Western foods driving demand for cheese in Korea

By Dominique Patton

- Last updated on GMT

Related tags Cheese Pasteurization Milk

South Koreans are consuming greater quantities of cheese as foods
like pizza, cheeseburgers and sandwiches become more popular among
the younger generation.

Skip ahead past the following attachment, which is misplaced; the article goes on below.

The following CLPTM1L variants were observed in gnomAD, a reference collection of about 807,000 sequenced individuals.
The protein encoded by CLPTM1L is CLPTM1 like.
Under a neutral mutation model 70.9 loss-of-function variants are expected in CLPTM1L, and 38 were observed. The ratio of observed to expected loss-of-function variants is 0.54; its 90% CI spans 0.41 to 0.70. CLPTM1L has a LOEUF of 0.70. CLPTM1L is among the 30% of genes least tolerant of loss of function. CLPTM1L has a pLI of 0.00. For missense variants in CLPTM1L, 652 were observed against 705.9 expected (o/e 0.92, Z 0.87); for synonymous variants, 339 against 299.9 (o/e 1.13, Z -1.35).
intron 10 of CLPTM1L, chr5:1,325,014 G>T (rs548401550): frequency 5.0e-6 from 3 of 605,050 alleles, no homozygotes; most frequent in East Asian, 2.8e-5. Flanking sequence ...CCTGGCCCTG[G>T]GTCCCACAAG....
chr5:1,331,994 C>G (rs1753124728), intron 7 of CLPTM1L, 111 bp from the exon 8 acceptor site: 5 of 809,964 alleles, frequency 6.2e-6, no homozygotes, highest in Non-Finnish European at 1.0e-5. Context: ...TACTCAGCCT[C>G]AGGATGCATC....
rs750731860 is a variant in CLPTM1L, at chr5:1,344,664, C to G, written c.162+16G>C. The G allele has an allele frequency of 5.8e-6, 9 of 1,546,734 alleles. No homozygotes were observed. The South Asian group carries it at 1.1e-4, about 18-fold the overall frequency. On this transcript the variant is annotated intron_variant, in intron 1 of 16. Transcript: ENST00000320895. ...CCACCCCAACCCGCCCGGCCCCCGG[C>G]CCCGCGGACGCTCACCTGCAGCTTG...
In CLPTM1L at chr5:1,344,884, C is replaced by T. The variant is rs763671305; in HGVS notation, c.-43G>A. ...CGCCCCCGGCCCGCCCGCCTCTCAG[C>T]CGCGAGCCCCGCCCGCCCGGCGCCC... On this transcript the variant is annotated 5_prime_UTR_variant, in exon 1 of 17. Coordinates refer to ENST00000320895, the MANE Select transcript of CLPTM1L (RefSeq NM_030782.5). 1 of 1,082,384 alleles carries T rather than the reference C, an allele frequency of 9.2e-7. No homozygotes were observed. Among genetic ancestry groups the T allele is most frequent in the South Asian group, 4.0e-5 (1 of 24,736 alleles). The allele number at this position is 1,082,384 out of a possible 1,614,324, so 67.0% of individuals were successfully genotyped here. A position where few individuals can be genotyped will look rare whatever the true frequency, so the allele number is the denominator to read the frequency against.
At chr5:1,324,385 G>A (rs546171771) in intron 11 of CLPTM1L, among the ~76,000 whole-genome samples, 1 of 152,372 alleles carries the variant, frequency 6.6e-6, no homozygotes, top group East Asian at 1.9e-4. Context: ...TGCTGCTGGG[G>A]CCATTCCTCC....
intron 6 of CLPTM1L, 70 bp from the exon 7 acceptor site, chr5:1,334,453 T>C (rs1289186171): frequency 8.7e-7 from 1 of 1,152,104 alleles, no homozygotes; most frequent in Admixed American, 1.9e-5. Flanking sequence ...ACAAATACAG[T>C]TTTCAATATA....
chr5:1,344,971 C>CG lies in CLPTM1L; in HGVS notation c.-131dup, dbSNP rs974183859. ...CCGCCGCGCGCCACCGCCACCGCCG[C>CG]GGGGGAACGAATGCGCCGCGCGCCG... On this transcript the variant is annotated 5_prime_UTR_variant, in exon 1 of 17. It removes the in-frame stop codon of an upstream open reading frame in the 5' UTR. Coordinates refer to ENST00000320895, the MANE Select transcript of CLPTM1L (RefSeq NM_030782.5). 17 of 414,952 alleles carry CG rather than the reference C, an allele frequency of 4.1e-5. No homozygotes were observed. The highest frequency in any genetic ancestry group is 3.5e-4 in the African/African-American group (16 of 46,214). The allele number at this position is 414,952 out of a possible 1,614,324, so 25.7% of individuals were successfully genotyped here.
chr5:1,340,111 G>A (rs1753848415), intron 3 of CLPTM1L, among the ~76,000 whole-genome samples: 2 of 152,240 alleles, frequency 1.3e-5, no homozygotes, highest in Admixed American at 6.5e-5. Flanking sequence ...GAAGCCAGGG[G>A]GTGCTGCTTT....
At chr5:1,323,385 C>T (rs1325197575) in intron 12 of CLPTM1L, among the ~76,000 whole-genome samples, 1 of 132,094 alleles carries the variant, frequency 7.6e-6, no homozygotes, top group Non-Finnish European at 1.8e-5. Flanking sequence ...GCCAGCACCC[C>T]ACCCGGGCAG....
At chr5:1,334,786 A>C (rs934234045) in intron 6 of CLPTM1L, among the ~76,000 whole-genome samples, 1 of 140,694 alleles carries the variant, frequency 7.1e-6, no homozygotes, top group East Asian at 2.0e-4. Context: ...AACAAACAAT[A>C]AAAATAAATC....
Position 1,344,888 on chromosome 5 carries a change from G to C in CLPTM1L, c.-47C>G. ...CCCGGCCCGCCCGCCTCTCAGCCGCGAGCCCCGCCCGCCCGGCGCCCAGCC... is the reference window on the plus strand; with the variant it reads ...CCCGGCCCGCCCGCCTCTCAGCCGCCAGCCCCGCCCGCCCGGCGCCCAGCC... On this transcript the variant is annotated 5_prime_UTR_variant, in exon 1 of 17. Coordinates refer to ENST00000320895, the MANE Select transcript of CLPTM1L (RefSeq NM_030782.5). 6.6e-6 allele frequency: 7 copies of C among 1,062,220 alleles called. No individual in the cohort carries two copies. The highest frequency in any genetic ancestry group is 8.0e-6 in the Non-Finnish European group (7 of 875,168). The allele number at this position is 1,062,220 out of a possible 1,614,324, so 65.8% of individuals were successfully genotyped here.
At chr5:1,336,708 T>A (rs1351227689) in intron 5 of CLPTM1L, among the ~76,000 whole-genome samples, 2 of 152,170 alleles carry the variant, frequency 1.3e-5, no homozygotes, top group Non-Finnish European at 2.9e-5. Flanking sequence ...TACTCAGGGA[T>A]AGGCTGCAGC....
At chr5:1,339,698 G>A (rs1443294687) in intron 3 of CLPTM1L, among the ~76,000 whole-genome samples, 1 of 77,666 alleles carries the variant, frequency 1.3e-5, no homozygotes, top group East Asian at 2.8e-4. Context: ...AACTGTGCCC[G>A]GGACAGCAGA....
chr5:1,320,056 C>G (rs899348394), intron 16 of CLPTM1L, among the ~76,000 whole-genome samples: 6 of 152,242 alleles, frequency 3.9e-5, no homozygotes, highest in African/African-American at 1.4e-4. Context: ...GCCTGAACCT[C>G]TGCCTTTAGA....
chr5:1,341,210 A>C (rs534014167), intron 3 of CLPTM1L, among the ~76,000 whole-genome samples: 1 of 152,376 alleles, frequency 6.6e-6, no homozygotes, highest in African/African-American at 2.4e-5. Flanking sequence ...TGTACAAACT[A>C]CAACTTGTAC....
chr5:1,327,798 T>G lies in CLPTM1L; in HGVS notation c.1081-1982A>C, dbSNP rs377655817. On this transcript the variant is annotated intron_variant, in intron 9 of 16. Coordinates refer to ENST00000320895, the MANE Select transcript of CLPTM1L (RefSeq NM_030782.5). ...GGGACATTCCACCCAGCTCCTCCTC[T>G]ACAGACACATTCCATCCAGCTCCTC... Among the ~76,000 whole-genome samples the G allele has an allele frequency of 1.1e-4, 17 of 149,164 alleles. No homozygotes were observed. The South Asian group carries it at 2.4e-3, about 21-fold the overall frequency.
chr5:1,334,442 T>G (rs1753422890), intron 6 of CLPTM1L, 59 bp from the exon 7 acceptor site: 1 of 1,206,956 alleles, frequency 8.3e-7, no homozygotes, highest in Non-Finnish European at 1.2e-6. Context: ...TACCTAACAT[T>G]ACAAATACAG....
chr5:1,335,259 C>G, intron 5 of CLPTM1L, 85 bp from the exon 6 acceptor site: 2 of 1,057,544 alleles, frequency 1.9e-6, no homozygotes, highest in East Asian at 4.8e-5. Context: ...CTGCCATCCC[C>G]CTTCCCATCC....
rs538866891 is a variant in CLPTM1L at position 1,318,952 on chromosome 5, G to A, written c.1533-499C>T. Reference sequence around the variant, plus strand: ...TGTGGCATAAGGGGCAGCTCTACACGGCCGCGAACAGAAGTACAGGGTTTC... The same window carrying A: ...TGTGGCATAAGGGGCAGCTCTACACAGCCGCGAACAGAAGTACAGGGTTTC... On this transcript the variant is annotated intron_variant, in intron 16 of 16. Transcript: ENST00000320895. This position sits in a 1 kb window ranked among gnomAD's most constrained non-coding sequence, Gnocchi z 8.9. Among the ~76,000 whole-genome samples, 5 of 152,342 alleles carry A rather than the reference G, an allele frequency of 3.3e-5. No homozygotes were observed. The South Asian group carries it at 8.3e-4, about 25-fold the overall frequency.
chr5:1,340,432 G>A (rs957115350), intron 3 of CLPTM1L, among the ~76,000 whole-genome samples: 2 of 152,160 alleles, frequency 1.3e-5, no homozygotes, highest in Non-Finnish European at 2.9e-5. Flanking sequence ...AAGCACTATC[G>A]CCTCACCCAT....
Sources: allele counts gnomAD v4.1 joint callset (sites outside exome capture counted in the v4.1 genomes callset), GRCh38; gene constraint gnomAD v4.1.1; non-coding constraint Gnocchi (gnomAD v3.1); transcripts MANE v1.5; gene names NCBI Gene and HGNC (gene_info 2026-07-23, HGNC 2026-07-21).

Imports of cheese are growing strongly and this trend is expected to continue for the foreseeable future, according to a new report from the US Foreign Agricultural Service. But Korea only has two sources of local cheese production and even most local cheese products are comprised of imported cheese. In 2006 therefore, total cheese imports are expected to increase 18 per cent to reach 52,000 metric tons, says the FAS report. This follows on from total imports of cheese products worth US$144 million (44,032 metric tons) in 2005, an increase of 20 per cent from the previous year. Local cheese production from local raw milk is constrained by the lack of manufacturing facilities and limited domestic milk production. In September 2004, Maeil Dairy established a new natural cheese manufacturing plant, using manufacturing techniques acquired from Japan under its SangHa brand name. The company is aiming to use surplus local raw milk to make cheese but it is not expected to impact demand for imported cheese in the near future, says the FAS. The demand for higher end gourmet cheese is also being boosted by increasing consumption of wine in Korea. The Korean wine market increased by 17 per cent in 2005 compared to the previous year and is up 37 per cent during first eight months in 2006 compared to same period of last year. This growing interest in wine and wine culture is likely to result in increased consumption of new to market and high quality cheeses, suggests the report. A variety of gourmet cheese is already imported for wine bars and high-end restaurants. Overall, Korea's per capita consumption of fluid milk is not expected to grow in coming years but total per capita consumption of milk products is expected to increase from 62.7 kilograms per capita in 2005 to 69.8 kilograms by 2010 boosted by higher consumption of cheese and ice-cream, according to the Korean Rural Economy Institute.

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